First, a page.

CBO Director Dr. Douglas Elmendorf has posted the slides he used in a presentation Wednesday to the Institute of Medicine, titled “Health Costs and the Federal Budget.” The presentation obliterates the claims of the President and his allies about the effects of the new laws on federal health spending and the budget.
For months the President and his Budget Director correctly argued that the goal of health care reform was to “bend the cost curve down.” The projected path of per capita health spending is unsustainable and will result in three bad outcomes:
- those with health insurance will have less money available for other needs;
- it will be harder for the uninsured to buy insurance; and
- government spending on Medicare and Medicaid will break federal and state budgets.
Here is the President at the Blair House:
The third thing it seems -- I assume we can all agree on is that over the last decade costs have doubled for health care in America -- costs have doubled for government-provided health care, but everybody's health care. And that that meant that right now everybody knows that that wrecks budgets, it wrecks state budget, it wrecks family budgets, it wrecks federal budgets. Every 35 cents of every dollar spent on health care is spent by the federal government or the state governments for Medicare and Medicaid -- 35 cents on the dollar. That doesn't count veterans and other things, just those two. And so -- and what's happened is -- on the dollar, on every health care dollar.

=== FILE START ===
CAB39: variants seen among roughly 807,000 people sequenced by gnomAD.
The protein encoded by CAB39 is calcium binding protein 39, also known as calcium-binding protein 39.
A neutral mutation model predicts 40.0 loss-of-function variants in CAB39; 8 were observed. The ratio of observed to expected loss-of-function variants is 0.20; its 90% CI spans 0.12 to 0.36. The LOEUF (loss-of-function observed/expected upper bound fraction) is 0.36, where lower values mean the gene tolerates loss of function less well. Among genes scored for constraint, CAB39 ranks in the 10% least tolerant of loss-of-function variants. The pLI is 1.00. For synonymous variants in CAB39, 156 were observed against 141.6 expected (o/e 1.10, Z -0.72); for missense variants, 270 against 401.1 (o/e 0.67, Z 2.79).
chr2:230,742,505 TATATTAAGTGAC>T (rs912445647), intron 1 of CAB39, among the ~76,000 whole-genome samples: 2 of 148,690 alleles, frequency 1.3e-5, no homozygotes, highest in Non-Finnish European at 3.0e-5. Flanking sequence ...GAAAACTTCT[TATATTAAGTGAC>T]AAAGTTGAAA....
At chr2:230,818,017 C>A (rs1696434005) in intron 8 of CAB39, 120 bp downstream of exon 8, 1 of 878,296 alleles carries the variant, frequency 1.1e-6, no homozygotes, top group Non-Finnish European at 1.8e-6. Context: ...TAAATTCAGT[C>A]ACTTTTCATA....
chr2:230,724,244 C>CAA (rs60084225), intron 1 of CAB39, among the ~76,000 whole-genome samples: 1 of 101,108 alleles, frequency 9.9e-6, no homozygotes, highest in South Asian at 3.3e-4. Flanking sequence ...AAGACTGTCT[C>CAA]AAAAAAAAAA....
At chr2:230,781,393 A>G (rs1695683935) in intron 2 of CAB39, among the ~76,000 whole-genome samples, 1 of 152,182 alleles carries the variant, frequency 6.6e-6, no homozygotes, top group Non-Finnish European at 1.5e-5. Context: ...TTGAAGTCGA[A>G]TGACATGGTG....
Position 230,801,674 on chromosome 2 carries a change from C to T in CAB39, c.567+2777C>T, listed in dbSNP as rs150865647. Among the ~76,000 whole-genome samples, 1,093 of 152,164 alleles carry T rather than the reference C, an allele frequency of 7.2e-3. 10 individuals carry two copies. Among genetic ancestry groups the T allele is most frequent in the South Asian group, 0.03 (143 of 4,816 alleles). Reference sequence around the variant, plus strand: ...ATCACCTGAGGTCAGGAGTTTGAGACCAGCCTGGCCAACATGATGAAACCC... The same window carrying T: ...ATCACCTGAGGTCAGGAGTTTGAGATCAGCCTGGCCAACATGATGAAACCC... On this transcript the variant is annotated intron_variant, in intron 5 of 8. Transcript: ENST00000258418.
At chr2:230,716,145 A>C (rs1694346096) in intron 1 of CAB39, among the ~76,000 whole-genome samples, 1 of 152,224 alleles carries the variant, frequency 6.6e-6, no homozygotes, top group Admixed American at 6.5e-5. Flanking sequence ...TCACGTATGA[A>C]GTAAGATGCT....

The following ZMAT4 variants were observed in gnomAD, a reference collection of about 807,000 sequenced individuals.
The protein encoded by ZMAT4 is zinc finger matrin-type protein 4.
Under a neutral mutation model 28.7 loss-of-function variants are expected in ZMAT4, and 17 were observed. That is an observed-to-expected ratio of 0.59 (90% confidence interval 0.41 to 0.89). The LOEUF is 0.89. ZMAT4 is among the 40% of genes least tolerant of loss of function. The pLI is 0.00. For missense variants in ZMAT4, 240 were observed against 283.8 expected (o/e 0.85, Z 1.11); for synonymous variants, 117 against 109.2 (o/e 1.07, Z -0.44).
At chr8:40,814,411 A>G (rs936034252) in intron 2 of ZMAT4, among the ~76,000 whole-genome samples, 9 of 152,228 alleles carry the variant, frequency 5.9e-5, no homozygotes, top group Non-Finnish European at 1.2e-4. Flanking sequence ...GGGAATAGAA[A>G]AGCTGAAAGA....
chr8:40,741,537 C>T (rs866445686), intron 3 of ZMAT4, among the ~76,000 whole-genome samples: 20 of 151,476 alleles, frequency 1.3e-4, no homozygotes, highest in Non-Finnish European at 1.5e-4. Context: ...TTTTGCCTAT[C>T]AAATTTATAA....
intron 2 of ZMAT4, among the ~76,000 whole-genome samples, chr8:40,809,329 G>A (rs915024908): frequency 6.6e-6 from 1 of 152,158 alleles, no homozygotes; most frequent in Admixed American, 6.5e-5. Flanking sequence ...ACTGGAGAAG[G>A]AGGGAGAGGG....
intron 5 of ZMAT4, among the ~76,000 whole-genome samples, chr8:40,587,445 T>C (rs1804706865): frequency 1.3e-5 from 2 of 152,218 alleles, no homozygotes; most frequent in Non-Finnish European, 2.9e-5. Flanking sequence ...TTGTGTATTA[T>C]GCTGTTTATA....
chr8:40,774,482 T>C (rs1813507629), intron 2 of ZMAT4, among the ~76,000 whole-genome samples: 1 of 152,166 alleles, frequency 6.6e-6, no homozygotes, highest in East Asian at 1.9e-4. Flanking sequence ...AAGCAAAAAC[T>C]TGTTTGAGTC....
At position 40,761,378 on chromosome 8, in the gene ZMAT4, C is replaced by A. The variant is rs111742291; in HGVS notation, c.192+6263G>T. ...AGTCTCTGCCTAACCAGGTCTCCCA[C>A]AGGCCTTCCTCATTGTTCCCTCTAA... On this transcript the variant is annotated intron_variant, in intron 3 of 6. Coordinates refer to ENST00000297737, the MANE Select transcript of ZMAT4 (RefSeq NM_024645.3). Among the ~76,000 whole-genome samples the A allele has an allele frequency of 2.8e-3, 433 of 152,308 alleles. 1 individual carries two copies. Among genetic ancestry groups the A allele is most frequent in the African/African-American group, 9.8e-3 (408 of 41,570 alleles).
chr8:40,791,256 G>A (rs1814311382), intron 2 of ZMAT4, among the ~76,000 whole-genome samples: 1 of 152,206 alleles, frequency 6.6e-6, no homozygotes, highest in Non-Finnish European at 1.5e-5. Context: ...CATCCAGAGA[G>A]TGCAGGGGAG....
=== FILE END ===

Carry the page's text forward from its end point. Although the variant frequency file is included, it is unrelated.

And so we're facing, all of us around this table, Democrat and Republicans, are facing the fact that there's $919 billion now we're spending on Medicare and the federal portion of Medicaid, and that if things -- I don't see any firewall is going to keep costs from doubling again, we're going to be talking about in the year 2019 we're going to be spending $1.7 trillion if we don't do something to bend that curve.
A common refrain from the President and his Budget Director was “health care reform is entitlement reform.” And through two budget cycles, when senior Administration officials were pressed on their plans for deficit reduction, they always returned to the argument that health care reform would substantially improve the federal budget outlook.
CBO Director Dr. Douglas Elmendorf has shown this argument to be incorrect.